Hydrated proteins undergo a change in their dynamical properties in the neighborhood of a temperature. The change of dynamics has been likened to glass transition of glass-forming substances because similar properties were found. However, a complete understanding of the conformation fluctuations of hydrated proteins and their relation to the dynamics of the solvent is still not available, possibly due to the protein molecules being more complex than ordinary glass-formers. For this reason, we turn our attention to the experimental findings of the dynamics of mixtures of water with simpler glass-formers (small molecules and polymers). Two major relaxation processes have been observed in these aqueous mixtures. One is the structural alpha-relaxation of the hydrophilic glass-former hydrogen bonded to the water, which is responsible for glass transition. The other one is the local secondary beta-relaxation of water in the mixture. Remarkably, these two relaxation processes in aqueous mixtures have analogues in hydrated proteins with the same properties. The conformation fluctuations of the protein and the relaxation of the solvent in hydrated proteins behave like the alpha-relaxation of the hydrophilic glass-former hydrogen bonded to the water and the beta-relaxation of water in other aqueous mixtures, respectively. At low temperatures, the Arrhenius activation energy of the relaxation time of the solvent in a hydrated protein is almost the same as that of the beta-relaxation of water in the glassy states of aqueous mixtures. The Arrhenius T-dependence of the solvent relaxation times no longer holds at temperatures that exceed the "glass" transition temperature of the hydrated protein, defined as the temperature at which the conformation relaxation time is very long. This behavior of the solvent in hydrated proteins is similar to that found in the beta-relaxation of water in aqueous mixtures when crossing the glass transition temperature of the mixture (Capaccioli, S.; Ngai, K. L.; Shinyashiki, N. J. Phys. Chem. B 2007, 111, 8197). Furthermore, the same dynamics were found in mixtures of two van der Waals glass-formers, which are even simpler systems than aqueous mixtures because of the absence of hydrogen bonding. The experimental data of these ideal mixtures of van der Waals glass-formers have been given a satisfactory theoretical explanation. Since the properties of hydrated proteins, aqueous mixtures, and the mixtures of van der Waals liquids are similar, we transfer the theoretical understanding gained in the study of the last system sequentially to the two other increasingly more complex systems.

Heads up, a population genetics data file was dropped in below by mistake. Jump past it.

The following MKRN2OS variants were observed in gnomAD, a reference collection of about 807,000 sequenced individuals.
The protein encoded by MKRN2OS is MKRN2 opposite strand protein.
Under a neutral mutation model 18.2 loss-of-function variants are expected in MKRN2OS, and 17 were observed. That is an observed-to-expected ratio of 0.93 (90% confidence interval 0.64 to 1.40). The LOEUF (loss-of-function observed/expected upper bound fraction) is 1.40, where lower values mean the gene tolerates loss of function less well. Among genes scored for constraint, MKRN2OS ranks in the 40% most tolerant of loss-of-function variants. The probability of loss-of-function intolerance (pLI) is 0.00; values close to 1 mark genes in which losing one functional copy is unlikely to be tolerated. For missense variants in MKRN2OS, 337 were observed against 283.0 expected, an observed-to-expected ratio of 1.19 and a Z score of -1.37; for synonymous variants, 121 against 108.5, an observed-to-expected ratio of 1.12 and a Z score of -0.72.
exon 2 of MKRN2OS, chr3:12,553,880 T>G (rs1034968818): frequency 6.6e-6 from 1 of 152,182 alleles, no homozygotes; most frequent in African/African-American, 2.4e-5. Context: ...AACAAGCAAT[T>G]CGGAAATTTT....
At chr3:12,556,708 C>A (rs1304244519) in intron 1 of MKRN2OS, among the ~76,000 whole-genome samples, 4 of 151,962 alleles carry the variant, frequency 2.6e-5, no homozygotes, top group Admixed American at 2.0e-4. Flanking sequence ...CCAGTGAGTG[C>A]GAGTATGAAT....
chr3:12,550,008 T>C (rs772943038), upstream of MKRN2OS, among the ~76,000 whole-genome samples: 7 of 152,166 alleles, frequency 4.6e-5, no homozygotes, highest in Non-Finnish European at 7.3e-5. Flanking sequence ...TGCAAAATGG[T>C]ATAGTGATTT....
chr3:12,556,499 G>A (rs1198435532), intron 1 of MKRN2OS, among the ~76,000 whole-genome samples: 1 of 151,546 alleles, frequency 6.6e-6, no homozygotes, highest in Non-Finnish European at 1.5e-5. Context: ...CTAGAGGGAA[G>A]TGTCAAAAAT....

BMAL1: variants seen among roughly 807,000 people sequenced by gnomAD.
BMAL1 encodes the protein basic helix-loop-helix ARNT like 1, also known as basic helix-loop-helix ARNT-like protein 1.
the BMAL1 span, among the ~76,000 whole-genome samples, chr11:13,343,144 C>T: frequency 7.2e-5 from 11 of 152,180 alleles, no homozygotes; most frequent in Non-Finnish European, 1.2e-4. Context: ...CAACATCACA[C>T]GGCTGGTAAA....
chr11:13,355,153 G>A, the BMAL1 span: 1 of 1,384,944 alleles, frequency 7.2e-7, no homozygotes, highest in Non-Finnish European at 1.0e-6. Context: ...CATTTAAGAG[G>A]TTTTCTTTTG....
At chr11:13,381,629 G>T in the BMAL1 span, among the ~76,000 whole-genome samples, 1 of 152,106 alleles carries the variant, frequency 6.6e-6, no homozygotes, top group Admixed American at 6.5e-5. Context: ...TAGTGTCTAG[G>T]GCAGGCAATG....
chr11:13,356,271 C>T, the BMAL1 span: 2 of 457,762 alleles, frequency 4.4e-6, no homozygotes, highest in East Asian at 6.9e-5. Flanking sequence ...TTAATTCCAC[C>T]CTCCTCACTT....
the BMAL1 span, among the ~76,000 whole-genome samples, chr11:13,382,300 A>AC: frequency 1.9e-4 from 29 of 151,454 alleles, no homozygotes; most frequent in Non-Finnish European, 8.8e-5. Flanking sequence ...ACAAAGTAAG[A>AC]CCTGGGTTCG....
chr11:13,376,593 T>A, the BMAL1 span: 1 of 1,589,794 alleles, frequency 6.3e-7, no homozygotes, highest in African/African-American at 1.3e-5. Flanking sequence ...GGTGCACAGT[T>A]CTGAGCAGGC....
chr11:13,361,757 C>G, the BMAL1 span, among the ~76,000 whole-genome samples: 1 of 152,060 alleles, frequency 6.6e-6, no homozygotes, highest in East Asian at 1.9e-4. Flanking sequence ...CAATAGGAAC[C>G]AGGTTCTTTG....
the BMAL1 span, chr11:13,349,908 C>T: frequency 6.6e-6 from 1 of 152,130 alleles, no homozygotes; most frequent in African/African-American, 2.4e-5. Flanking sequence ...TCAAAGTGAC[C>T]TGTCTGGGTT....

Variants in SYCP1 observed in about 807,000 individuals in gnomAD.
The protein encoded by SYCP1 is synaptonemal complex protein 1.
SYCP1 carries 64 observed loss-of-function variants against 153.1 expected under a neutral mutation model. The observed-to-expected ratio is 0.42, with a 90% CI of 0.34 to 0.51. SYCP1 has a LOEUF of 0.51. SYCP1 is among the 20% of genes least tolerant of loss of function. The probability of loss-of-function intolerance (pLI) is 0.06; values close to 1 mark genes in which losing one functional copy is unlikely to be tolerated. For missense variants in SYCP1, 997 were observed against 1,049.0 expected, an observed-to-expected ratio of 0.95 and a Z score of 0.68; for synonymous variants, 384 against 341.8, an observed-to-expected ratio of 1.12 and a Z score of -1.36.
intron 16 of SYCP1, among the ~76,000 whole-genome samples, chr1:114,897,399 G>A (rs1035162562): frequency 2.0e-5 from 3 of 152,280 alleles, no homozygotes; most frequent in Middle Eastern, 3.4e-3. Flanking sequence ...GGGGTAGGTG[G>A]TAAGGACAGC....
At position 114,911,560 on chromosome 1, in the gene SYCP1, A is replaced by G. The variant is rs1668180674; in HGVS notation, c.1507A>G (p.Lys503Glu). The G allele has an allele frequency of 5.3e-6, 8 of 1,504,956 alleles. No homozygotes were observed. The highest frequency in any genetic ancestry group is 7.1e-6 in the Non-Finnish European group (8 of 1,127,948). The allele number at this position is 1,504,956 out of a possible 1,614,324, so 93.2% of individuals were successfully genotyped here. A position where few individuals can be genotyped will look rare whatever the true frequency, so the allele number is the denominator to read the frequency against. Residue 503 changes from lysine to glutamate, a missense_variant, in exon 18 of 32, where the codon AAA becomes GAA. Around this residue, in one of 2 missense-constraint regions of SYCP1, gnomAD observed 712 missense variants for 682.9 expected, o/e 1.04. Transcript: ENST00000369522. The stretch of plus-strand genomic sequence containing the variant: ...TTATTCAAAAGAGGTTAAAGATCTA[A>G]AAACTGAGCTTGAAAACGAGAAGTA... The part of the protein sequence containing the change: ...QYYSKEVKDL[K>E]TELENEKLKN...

|Autori:||Ngai, K. L.; Capaccioli, Simone; Shinyashiki, N.|
|Titolo:||The protein "glass" transition and the role of the solvent|
|Anno del prodotto:||2008|
|Digital Object Identifier (DOI):||10.1021/jp710462e|
|Appare nelle tipologie:||1.1 Articolo in rivista|